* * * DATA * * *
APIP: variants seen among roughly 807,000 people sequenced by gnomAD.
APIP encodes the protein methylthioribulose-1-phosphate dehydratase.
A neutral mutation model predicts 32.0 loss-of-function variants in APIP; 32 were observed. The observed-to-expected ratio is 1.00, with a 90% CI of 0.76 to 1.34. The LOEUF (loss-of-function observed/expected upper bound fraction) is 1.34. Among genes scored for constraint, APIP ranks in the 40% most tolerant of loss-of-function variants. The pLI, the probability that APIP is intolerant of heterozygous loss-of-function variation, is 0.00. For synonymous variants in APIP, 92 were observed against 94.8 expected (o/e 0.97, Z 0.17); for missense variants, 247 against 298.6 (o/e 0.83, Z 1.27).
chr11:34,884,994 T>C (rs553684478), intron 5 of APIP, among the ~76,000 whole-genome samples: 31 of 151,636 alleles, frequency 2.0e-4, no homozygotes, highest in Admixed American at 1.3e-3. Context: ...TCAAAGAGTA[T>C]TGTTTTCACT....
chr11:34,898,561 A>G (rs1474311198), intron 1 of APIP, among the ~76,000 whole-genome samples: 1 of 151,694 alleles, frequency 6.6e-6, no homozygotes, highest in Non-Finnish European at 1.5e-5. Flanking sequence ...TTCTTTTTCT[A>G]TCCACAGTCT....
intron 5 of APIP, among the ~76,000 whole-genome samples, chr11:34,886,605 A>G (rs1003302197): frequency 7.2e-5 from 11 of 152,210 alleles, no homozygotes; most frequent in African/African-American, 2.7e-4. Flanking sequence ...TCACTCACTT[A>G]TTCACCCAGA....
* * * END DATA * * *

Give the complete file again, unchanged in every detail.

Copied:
APIP: variants seen among roughly 807,000 people sequenced by gnomAD.
APIP encodes the protein methylthioribulose-1-phosphate dehydratase.
A neutral mutation model predicts 32.0 loss-of-function variants in APIP; 32 were observed. The observed-to-expected ratio is 1.00, with a 90% CI of 0.76 to 1.34. The LOEUF (loss-of-function observed/expected upper bound fraction) is 1.34. Among genes scored for constraint, APIP ranks in the 40% most tolerant of loss-of-function variants. The pLI, the probability that APIP is intolerant of heterozygous loss-of-function variation, is 0.00. For synonymous variants in APIP, 92 were observed against 94.8 expected (o/e 0.97, Z 0.17); for missense variants, 247 against 298.6 (o/e 0.83, Z 1.27).
chr11:34,884,994 T>C (rs553684478), intron 5 of APIP, among the ~76,000 whole-genome samples: 31 of 151,636 alleles, frequency 2.0e-4, no homozygotes, highest in Admixed American at 1.3e-3. Context: ...TCAAAGAGTA[T>C]TGTTTTCACT....
chr11:34,898,561 A>G (rs1474311198), intron 1 of APIP, among the ~76,000 whole-genome samples: 1 of 151,694 alleles, frequency 6.6e-6, no homozygotes, highest in Non-Finnish European at 1.5e-5. Flanking sequence ...TTCTTTTTCT[A>G]TCCACAGTCT....
intron 5 of APIP, among the ~76,000 whole-genome samples, chr11:34,886,605 A>G (rs1003302197): frequency 7.2e-5 from 11 of 152,210 alleles, no homozygotes; most frequent in African/African-American, 2.7e-4. Flanking sequence ...TCACTCACTT[A>G]TTCACCCAGA....